Hollywood Marches in NYC Pride; Parade Kicks Off With Moment of Silence for Orlando
The lead float in the NYC parade, which began at 12 p.m. ET, was dedicated to the victims of Orlando.
Hollywood names, including the cast of Orange Is the New Black, joined the hordes of New Yorkers who came out in full force for Sunday's NYC Pride March.
The annual march is meant to celebrate the breaking of barriers for gay rights. But Sunday's march, which falls on the first anniversary of the Supreme Court's decision to legalize same-sex marriage across the country, also served as a remembrance for the tragedy in Orlando, Fla.
The lead float was dedicated to the victims of Orlando, as marchers carried 49 orange flags — the color of choice for campaigns against gun violence — through the Manhattan route. Before the parade began, many walked down Fifth Avenue holding banners with photos of those who died. The parade kicked off at 12 p.m. ET with a moment of silence for the victims.
Sunday's pride marches, which are also taking place in San Francisco and several other U.S. cities, are happening two weeks after the deadly shooting at Pulse nightclub, the Orlando gay nightclub that has become the site of the nation's deadliest mass shooting.
Paradegoers will see increased security, anti-violence messages and tributes to those killed in Orlando, as police ramped up security ahead of the annual parade.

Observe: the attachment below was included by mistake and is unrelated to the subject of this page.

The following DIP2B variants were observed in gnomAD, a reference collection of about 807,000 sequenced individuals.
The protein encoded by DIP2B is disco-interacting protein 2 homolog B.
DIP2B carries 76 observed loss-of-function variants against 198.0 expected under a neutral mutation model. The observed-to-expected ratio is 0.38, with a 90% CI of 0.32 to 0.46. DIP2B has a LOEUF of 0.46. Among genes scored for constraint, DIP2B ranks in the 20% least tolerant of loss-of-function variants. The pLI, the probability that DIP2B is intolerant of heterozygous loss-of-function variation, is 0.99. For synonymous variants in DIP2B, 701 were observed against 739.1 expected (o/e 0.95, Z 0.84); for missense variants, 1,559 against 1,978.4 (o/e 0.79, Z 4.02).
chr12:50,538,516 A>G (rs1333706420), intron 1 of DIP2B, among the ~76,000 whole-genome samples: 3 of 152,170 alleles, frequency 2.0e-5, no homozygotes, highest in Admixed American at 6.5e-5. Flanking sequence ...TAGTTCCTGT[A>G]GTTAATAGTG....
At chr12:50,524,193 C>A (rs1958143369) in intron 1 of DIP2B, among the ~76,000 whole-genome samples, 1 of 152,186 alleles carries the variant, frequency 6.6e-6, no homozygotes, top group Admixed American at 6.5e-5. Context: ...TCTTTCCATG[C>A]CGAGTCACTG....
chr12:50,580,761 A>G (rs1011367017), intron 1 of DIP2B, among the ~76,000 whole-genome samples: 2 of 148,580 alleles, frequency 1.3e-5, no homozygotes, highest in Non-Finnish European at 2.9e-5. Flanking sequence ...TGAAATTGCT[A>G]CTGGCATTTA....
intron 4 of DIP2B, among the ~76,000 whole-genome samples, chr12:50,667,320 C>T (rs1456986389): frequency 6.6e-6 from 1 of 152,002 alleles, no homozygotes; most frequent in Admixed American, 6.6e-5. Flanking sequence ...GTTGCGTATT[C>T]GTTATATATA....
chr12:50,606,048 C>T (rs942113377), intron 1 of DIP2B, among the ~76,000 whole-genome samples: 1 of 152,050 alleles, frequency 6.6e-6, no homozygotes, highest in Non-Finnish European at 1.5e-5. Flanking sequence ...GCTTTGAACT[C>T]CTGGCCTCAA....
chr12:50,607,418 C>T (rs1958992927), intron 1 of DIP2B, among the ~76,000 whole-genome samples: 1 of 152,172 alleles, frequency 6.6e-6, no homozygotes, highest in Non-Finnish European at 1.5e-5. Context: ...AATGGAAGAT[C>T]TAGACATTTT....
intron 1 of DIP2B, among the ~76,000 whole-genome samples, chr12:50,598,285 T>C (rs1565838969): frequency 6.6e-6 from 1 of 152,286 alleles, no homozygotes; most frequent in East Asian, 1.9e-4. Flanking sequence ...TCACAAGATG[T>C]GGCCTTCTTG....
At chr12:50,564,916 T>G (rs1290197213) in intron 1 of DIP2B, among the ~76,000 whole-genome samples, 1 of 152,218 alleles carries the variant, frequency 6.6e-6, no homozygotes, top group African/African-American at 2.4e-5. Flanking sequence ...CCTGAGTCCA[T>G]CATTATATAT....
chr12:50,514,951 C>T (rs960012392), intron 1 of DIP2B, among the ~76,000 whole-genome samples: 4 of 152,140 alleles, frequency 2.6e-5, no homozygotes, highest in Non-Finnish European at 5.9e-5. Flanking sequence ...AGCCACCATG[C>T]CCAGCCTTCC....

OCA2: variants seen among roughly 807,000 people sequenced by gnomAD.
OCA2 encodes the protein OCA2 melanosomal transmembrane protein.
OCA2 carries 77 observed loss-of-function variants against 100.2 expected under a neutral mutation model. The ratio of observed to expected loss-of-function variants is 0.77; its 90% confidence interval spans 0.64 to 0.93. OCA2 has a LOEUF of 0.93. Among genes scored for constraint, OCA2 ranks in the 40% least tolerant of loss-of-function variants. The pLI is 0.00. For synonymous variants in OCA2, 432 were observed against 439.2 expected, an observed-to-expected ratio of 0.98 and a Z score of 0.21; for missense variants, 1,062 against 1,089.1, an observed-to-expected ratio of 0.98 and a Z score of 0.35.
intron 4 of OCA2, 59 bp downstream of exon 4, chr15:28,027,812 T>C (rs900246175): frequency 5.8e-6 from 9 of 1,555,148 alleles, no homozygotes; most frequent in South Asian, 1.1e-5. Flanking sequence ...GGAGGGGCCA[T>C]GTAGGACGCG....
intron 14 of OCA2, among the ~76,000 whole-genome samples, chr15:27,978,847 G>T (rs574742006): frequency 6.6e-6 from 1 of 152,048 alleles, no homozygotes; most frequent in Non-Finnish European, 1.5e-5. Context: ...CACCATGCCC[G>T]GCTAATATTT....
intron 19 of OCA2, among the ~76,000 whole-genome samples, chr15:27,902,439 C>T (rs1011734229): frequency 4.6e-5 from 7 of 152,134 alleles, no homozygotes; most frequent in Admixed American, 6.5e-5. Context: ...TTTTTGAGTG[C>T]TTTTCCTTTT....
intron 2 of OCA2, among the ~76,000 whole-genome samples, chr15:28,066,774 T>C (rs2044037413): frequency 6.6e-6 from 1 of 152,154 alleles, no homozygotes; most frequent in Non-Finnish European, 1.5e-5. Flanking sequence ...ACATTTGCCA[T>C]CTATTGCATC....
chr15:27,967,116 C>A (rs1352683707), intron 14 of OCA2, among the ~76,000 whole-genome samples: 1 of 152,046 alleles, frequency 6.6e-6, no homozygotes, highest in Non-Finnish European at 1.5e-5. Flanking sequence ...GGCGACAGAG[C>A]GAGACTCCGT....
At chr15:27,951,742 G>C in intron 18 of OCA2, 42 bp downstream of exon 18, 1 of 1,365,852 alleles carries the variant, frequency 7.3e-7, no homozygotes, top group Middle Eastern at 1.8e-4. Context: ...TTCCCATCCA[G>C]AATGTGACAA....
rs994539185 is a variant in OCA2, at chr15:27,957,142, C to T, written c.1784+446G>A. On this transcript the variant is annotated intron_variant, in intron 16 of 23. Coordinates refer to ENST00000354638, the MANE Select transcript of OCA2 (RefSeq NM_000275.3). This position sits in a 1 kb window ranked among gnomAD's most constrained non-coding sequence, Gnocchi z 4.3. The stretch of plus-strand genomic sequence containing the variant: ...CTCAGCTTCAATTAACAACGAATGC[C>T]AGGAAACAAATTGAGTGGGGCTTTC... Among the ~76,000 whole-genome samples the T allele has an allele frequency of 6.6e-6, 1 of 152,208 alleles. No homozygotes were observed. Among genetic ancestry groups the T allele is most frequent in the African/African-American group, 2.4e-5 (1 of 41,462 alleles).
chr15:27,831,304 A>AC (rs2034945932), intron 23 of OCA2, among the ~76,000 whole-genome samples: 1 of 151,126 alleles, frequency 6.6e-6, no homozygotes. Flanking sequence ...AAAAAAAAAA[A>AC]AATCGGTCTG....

New York police planned to deploy roving counterterrorism units and use bomb-sniffing dogs, rooftop observation posts, police helicopters and thousands of officers to provide extra layers of security. Thousands of uniformed officers were to line the route, in addition to plainclothes officers in the crowd.
A "We Are Orlando" solidarity group, along with gun-control and anti-gun-violence groups, have joined the lineup since the shooting has forged new bonds between gun-control and gay-rights activists.
Before the start of the parade, Gov. Andrew Cuomo announced that the Stonewall Inn would be designated as a state historic site. On Friday, President Barack Obama designated the bar, which saw a 1969 police raid and helped catalyze the gay rights movement, as the first national monument to gay rights.
On Sunday, Obama took to Twitter to say: "Marriage equality is one year old. But we still have a long way to go for full equality. #LoveIsLove."
Presumptive Democratic presidential nominee Hillary Clinton, who released a video dedicated to pride on Saturday, marched in the NYC parade with Mayor Bill de Blasio and Cuomo on Sunday and was active on her Twitter account throughout the day.
See all the famous names who are posting about #NYCPride on social media below.
Happy Pride!! pic.twitter.com/1yy7jH8UiO— Samira Wiley (@samirawiley) June 26, 2016
Love is love is love is love....— Danielle Brooks (@thedanieb) June 26, 2016
Who's going to #NYCPride today??— Brad Goreski (@mrbradgoreski) June 26, 2016
Have the best day #NYCPride! Wish I could be celebrating with you all today— Betty Who (@BettyWho) June 26, 2016
Happy Pride from my Mom! Grateful I have parents who accepted me for who I am. Not everyone is… https://t.co/fypiBQe7Q1— Andy Cohen (@Andy) June 26, 2016
One year ago, love triumphed in our highest court. Yet LGBT Americans still face too many barriers. Let's keep marching until they don't. -H— Hillary Clinton (@HillaryClinton) June 26, 2016